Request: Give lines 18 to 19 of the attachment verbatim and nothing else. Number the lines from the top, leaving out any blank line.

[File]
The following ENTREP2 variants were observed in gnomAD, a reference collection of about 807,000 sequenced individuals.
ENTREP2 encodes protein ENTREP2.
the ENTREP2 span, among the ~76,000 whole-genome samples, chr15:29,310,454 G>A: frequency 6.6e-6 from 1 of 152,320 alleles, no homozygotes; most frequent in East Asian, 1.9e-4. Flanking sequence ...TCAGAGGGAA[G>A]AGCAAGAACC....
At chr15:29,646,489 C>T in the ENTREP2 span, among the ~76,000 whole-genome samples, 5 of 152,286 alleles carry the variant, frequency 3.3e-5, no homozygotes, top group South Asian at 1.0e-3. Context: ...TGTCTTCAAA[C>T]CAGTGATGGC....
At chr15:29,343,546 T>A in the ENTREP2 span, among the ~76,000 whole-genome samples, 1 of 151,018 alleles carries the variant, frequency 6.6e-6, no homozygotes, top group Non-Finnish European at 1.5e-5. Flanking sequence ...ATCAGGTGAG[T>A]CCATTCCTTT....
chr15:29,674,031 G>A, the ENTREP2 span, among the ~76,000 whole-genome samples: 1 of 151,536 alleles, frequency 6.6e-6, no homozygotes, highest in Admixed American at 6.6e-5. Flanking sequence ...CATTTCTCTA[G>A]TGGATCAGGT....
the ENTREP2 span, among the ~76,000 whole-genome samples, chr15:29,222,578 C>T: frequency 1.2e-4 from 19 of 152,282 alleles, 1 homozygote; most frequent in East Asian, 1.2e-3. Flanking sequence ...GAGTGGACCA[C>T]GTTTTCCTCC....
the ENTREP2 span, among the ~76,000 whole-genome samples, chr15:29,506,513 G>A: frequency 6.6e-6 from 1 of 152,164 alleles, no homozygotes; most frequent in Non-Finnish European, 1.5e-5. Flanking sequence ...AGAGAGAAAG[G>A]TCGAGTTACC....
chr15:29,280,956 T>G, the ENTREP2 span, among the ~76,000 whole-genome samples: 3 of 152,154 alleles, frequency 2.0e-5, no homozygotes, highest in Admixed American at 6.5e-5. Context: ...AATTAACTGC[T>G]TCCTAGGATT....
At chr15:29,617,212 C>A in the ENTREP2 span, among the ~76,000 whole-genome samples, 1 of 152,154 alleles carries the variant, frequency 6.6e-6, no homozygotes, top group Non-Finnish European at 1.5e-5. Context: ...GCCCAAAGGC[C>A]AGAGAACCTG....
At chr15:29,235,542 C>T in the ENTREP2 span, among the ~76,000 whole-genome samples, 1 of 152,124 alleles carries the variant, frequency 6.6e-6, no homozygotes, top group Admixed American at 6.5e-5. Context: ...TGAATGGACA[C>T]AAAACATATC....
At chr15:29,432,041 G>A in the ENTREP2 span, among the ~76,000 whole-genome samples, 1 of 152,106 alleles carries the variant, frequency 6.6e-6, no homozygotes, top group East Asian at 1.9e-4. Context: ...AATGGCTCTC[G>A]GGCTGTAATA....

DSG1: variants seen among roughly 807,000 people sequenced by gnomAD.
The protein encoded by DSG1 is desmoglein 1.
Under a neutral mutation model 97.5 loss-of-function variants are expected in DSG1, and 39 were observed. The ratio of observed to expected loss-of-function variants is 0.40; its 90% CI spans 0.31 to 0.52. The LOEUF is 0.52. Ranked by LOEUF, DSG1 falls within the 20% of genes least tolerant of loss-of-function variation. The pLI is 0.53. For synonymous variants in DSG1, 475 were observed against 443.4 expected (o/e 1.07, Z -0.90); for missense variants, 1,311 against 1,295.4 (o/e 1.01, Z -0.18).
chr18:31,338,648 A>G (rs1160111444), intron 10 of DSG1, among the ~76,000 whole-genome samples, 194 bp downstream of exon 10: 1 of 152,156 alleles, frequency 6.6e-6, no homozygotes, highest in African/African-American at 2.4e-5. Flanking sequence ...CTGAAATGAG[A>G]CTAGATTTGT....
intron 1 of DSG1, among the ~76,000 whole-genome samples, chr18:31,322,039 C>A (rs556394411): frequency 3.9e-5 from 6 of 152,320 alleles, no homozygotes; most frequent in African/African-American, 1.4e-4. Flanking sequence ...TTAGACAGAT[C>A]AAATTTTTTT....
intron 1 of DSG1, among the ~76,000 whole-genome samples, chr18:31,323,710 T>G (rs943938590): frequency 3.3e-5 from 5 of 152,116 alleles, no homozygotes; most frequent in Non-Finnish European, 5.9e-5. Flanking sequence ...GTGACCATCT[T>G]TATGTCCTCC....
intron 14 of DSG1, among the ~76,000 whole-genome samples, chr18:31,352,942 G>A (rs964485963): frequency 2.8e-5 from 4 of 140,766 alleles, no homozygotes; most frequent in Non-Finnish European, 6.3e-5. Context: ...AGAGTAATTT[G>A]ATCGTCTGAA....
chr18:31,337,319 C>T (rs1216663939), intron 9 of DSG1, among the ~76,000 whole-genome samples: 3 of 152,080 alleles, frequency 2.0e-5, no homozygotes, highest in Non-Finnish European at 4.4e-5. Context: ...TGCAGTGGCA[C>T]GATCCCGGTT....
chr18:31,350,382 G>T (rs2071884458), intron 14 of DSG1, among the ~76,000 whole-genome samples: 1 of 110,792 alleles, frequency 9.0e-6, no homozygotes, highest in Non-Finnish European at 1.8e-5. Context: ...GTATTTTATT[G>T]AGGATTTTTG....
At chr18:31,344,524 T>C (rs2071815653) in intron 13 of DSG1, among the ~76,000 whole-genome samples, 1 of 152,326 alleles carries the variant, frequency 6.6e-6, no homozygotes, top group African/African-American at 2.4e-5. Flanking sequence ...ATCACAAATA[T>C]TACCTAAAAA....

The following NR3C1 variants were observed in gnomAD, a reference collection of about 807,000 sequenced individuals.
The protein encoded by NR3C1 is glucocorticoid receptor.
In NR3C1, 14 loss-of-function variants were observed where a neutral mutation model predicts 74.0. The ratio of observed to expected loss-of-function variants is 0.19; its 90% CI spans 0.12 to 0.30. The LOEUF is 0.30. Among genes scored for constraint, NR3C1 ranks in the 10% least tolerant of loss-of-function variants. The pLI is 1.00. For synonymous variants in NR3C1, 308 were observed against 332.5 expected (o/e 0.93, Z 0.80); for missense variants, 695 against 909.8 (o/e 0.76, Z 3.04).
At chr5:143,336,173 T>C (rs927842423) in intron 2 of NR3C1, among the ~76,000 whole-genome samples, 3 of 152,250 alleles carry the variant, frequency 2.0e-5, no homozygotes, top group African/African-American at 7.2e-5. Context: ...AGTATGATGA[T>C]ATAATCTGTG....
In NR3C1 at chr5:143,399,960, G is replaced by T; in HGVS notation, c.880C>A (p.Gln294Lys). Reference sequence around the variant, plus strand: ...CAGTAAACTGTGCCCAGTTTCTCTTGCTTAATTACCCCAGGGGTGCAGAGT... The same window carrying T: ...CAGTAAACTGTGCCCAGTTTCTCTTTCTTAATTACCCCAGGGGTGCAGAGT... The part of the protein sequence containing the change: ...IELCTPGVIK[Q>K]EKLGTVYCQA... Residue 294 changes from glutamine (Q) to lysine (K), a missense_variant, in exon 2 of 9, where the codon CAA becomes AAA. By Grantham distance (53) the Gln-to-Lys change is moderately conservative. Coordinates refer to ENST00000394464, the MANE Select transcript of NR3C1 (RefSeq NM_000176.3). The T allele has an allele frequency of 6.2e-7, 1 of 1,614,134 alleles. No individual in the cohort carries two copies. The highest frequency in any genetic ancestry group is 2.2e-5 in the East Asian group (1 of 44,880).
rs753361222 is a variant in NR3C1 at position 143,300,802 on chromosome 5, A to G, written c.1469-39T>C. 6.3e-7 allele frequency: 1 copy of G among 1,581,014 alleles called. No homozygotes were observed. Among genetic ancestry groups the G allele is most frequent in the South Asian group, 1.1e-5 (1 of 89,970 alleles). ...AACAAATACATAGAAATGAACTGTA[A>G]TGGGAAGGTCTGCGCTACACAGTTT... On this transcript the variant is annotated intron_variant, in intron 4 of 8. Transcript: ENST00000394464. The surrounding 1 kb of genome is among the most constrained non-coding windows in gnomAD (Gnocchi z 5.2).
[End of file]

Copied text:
intron 1 of DSG1, among the ~76,000 whole-genome samples, chr18:31,323,710 T>G (rs943938590): frequency 3.3e-5 from 5 of 152,116 alleles, no homozygotes; most frequent in Non-Finnish European, 5.9e-5. Flanking sequence ...GTGACCATCT[T>G]TATGTCCTCC....
intron 14 of DSG1, among the ~76,000 whole-genome samples, chr18:31,352,942 G>A (rs964485963): frequency 2.8e-5 from 4 of 140,766 alleles, no homozygotes; most frequent in Non-Finnish European, 6.3e-5. Context: ...AGAGTAATTT[G>A]ATCGTCTGAA....